Remember Tesla wants to make 750,000 vehicles this year and 50 percent more next year? One of the not-so-secret weapon is the Giga Press. With Giga Presses firing away in Fremont, Austin, Shanghai and Berlin, the target of more than a million vehicles doesn’t look so unattainable.
The next advantage of the Giga Presses is cost saving, something Musk is fanatic about. Despite the considerable initial investment, the cost of production per vehicle goes down as they eliminate lots of operational costs.
For instance, a single Giga Press makes about 300 robots redundant as there is not much coupling or much lifting work to do, according to Musk himself, and that is saying something after the debacle of his push for a robot powered production process for the Model 3.
The Giga Presses actually cut down on space requirement by about 30 percent, which may be surprising given the large sizes of the machines themselves. But less space and less robots mean a smaller maintenance budget. People will lose their jobs but from an economic point of view, Giga Presses make a lot of sense.
Think about the logistics involved in making more than a hundred parts in different locations, monitoring for quality and transporting them to the assembly plant. Tesla is able to avoid all that with its army of Giga Presses.
All told, the cost of making a chassis drops by about 40 percent when Giga Presses are involved. Again, remember Musk really wants to make a cheaper electric car? With all the cost reduction here and there, that 25,000 dollar electric car may be looking more realistic.
We are aware Tesla is setting up research and production facility in China for the express purpose of finding out how to make a very affordable car. You can guess a Giga Press is going to be among the first things to be installed.
The cars themselves benefit from the single piece chassis. For one, they are not plagued by defects inherent with welding and bolting parts together, like weak joints or misaligned parts. They also weigh less, despite being structurally superior. This translates to more range for the same battery capacity. This basically means Tesla has found a faster and cheaper way to make better cars, overtaking its predecessors.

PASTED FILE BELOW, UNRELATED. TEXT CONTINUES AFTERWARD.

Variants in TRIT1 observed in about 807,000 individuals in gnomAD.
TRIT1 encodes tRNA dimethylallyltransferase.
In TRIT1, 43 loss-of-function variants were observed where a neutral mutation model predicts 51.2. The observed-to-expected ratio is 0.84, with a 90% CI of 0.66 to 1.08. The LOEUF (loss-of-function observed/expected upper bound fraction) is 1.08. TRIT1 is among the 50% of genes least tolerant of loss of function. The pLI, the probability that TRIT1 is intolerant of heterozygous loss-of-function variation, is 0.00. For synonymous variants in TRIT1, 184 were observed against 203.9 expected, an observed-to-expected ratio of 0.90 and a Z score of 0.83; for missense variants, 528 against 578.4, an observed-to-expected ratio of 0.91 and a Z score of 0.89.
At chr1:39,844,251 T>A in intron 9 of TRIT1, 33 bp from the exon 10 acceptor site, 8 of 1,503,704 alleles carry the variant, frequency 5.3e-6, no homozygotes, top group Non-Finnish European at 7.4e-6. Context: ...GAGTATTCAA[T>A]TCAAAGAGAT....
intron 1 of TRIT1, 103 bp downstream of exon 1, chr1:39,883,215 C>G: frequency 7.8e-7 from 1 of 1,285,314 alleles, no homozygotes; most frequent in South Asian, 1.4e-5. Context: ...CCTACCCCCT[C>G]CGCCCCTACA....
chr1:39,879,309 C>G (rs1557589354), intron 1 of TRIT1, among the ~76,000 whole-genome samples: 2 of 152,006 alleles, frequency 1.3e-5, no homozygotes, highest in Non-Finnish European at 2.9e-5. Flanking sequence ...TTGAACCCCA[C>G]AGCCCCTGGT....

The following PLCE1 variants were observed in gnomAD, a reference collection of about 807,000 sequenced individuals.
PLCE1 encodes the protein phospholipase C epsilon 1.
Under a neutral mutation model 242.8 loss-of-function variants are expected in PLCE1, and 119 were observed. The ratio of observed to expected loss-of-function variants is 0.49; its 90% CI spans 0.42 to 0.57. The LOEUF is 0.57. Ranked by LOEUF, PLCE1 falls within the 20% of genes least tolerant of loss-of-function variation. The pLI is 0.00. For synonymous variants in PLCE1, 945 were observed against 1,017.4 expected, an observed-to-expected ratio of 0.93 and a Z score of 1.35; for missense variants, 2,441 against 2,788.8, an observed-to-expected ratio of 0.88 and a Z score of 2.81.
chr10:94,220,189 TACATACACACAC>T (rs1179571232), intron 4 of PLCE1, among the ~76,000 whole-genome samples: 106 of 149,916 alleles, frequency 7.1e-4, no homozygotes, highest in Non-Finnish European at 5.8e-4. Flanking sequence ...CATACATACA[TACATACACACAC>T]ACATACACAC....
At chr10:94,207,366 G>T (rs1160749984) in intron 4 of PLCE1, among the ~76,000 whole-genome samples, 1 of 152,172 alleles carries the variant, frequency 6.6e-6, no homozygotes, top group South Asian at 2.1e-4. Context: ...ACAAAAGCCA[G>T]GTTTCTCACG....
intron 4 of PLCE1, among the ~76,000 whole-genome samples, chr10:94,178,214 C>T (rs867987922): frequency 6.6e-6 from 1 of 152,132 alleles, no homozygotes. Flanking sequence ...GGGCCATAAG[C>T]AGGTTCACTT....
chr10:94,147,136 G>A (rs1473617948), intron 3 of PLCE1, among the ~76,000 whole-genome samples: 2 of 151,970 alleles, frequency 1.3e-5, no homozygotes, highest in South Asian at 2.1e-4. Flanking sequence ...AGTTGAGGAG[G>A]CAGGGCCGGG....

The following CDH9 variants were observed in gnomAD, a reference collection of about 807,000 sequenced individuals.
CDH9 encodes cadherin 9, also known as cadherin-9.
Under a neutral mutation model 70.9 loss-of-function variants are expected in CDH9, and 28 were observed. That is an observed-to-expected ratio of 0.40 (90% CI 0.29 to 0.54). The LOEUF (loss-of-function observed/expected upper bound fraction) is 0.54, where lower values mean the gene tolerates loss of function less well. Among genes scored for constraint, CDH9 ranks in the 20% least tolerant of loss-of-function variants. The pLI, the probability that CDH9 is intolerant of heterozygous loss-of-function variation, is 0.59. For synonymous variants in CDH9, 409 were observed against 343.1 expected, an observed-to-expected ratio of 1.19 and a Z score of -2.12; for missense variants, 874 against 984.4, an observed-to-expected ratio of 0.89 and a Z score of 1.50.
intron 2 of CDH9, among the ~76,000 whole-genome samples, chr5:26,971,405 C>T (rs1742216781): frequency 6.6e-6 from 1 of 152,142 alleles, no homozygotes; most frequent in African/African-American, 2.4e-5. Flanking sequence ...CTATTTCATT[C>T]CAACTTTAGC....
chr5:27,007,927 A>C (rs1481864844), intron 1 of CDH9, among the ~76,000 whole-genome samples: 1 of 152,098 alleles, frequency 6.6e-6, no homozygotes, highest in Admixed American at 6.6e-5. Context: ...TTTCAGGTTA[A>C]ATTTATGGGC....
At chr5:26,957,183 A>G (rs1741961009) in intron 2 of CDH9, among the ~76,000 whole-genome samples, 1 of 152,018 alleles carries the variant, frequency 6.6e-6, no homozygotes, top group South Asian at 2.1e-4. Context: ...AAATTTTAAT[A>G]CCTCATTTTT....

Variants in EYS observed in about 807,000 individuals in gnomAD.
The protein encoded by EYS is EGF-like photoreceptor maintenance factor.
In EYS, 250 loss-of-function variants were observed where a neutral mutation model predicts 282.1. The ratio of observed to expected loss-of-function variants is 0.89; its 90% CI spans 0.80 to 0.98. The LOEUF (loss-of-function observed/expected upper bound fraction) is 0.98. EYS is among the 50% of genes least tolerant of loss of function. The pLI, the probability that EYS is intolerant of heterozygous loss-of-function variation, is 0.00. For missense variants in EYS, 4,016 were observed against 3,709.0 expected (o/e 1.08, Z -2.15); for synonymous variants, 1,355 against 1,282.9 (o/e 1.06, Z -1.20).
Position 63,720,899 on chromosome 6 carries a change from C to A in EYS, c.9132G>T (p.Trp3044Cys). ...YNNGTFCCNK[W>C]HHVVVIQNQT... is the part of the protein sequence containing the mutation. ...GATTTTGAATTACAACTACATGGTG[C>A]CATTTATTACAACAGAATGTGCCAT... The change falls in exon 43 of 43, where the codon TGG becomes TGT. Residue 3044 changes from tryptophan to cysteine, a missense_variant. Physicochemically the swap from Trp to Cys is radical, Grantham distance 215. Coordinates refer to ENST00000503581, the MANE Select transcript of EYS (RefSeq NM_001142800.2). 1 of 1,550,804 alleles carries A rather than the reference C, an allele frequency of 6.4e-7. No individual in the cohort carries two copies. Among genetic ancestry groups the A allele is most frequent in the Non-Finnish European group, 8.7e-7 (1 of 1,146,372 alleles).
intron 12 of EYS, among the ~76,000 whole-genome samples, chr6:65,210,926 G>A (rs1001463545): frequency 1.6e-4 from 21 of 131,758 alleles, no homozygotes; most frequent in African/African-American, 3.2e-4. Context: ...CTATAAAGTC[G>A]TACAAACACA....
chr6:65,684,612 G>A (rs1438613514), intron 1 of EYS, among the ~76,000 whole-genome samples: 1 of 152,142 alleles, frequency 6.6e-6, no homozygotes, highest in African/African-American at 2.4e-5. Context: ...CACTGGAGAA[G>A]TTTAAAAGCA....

Tesla continues to race ahead of the competition as it has placed more Giga Press orders from IDRA. It will likely use a Giga Press for its upcoming Cybertruck and Semi Truck, even though more power will be needed to cast the former’s steel structure. Musk revealed it would require an 8000 tonnes casting press to make the pickup truck’s rear body cast.
Interestingly, IDRA itself announced that an order for an 8000 tonne casting machine has been placed, without revealing who the client is. But it kind of gave itself away by revealing the Giga Press will be used for making new energy vehicle by a leading global manufacturer, which points at Tesla.
Apart from that, industry expert Sandy Munro, who famously criticized the number of parts in the Model 3, has been informed by sources that Tesla will be employing 11 Giga Presses across its four plants, in what will be a massive scale up. The Berlin plant will have at least one when it comes online this year. There is one each already at Fremont and Shanghai.
Tesla really isn’t the first auto maker to employ castings as Cadillac, BMW and Audi have use them in their models. But none has attempted it at the mega-casting level Tesla is doing.
Just how the rest of the industry will try to catch up remains to be seen but we know it is not an industry that jumps at the chance to change things, so Tesla may be able to hold on to its edge for a while. Even J P Morgan predicts that only new startups stand a chance of following Tesla’s lead here as they are nimble enough to adapt to changes.
For now, the only other company employing a Giga Press is located in South Korea and doesn’t even make cars. Glovitech uses it to make components for its 5G telecommunication equipment.